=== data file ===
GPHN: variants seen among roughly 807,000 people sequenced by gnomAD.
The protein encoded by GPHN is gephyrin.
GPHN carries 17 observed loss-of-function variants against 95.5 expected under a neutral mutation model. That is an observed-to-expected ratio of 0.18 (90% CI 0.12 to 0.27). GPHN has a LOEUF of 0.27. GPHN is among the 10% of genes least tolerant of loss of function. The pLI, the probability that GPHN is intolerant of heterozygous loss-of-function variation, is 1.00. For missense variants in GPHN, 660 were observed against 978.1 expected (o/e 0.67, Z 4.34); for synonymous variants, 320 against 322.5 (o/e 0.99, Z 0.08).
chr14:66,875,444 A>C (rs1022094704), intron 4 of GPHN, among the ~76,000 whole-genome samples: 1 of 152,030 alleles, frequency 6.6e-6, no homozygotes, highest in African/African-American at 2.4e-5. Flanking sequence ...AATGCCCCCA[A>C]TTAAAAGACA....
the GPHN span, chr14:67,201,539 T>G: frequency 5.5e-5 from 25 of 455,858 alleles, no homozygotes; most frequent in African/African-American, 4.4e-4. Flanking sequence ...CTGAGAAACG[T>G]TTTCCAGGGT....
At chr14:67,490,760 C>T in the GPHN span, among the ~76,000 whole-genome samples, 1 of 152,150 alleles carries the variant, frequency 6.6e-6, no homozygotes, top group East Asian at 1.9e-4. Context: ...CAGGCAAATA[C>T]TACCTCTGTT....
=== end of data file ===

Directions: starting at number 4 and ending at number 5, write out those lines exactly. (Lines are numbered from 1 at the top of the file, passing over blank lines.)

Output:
chr14:66,875,444 A>C (rs1022094704), intron 4 of GPHN, among the ~76,000 whole-genome samples: 1 of 152,030 alleles, frequency 6.6e-6, no homozygotes, highest in African/African-American at 2.4e-5. Flanking sequence ...AATGCCCCCA[A>C]TTAAAAGACA....
the GPHN span, chr14:67,201,539 T>G: frequency 5.5e-5 from 25 of 455,858 alleles, no homozygotes; most frequent in African/African-American, 4.4e-4. Flanking sequence ...CTGAGAAACG[T>G]TTTCCAGGGT....